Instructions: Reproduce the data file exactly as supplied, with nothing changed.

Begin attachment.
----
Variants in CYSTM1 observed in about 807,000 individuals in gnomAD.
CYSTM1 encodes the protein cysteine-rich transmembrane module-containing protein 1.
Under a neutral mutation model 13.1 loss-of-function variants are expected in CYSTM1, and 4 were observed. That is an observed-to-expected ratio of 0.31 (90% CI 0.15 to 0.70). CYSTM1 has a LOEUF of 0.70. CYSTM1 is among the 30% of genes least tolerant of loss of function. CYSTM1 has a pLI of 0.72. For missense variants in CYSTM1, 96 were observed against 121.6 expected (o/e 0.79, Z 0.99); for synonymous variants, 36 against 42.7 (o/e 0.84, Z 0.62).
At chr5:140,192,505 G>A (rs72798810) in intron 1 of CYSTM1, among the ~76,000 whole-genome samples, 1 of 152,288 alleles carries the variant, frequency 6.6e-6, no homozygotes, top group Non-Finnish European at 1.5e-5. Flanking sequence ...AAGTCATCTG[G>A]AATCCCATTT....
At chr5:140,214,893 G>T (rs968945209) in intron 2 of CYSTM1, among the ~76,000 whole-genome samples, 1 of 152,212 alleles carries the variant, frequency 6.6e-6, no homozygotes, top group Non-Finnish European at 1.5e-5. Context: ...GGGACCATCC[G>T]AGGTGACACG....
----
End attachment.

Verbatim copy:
Variants in CYSTM1 observed in about 807,000 individuals in gnomAD.
CYSTM1 encodes the protein cysteine-rich transmembrane module-containing protein 1.
Under a neutral mutation model 13.1 loss-of-function variants are expected in CYSTM1, and 4 were observed. That is an observed-to-expected ratio of 0.31 (90% CI 0.15 to 0.70). CYSTM1 has a LOEUF of 0.70. CYSTM1 is among the 30% of genes least tolerant of loss of function. CYSTM1 has a pLI of 0.72. For missense variants in CYSTM1, 96 were observed against 121.6 expected (o/e 0.79, Z 0.99); for synonymous variants, 36 against 42.7 (o/e 0.84, Z 0.62).
At chr5:140,192,505 G>A (rs72798810) in intron 1 of CYSTM1, among the ~76,000 whole-genome samples, 1 of 152,288 alleles carries the variant, frequency 6.6e-6, no homozygotes, top group Non-Finnish European at 1.5e-5. Flanking sequence ...AAGTCATCTG[G>A]AATCCCATTT....
At chr5:140,214,893 G>T (rs968945209) in intron 2 of CYSTM1, among the ~76,000 whole-genome samples, 1 of 152,212 alleles carries the variant, frequency 6.6e-6, no homozygotes, top group Non-Finnish European at 1.5e-5. Context: ...GGGACCATCC[G>T]AGGTGACACG....